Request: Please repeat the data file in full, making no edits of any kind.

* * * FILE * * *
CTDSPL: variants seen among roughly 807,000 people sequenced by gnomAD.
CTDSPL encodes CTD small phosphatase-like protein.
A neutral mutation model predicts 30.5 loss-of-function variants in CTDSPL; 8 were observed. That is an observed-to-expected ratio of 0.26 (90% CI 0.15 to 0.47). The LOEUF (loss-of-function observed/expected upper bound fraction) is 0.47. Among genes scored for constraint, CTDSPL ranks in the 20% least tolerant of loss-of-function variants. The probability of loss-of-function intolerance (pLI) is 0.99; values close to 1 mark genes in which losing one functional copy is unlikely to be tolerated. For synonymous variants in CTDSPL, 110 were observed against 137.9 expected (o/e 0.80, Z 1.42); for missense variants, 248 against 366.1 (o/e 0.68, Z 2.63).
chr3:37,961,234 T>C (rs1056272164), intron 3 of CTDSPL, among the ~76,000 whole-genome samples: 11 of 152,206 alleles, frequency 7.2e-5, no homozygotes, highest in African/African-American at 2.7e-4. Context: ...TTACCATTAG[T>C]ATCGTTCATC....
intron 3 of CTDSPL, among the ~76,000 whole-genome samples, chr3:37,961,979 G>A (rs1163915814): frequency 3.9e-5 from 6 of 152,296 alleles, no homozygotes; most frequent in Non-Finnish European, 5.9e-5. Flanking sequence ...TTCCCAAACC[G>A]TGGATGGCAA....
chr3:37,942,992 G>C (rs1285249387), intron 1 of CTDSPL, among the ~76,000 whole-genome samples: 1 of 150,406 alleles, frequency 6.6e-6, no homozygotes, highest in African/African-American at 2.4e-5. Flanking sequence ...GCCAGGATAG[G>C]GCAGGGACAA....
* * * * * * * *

CTDSPL: variants seen among roughly 807,000 people sequenced by gnomAD.
CTDSPL encodes CTD small phosphatase-like protein.
A neutral mutation model predicts 30.5 loss-of-function variants in CTDSPL; 8 were observed. That is an observed-to-expected ratio of 0.26 (90% CI 0.15 to 0.47). The LOEUF (loss-of-function observed/expected upper bound fraction) is 0.47. Among genes scored for constraint, CTDSPL ranks in the 20% least tolerant of loss-of-function variants. The probability of loss-of-function intolerance (pLI) is 0.99; values close to 1 mark genes in which losing one functional copy is unlikely to be tolerated. For synonymous variants in CTDSPL, 110 were observed against 137.9 expected (o/e 0.80, Z 1.42); for missense variants, 248 against 366.1 (o/e 0.68, Z 2.63).
chr3:37,961,234 T>C (rs1056272164), intron 3 of CTDSPL, among the ~76,000 whole-genome samples: 11 of 152,206 alleles, frequency 7.2e-5, no homozygotes, highest in African/African-American at 2.7e-4. Context: ...TTACCATTAG[T>C]ATCGTTCATC....
intron 3 of CTDSPL, among the ~76,000 whole-genome samples, chr3:37,961,979 G>A (rs1163915814): frequency 3.9e-5 from 6 of 152,296 alleles, no homozygotes; most frequent in Non-Finnish European, 5.9e-5. Flanking sequence ...TTCCCAAACC[G>A]TGGATGGCAA....
chr3:37,942,992 G>C (rs1285249387), intron 1 of CTDSPL, among the ~76,000 whole-genome samples: 1 of 150,406 alleles, frequency 6.6e-6, no homozygotes, highest in African/African-American at 2.4e-5. Flanking sequence ...GCCAGGATAG[G>C]GCAGGGACAA....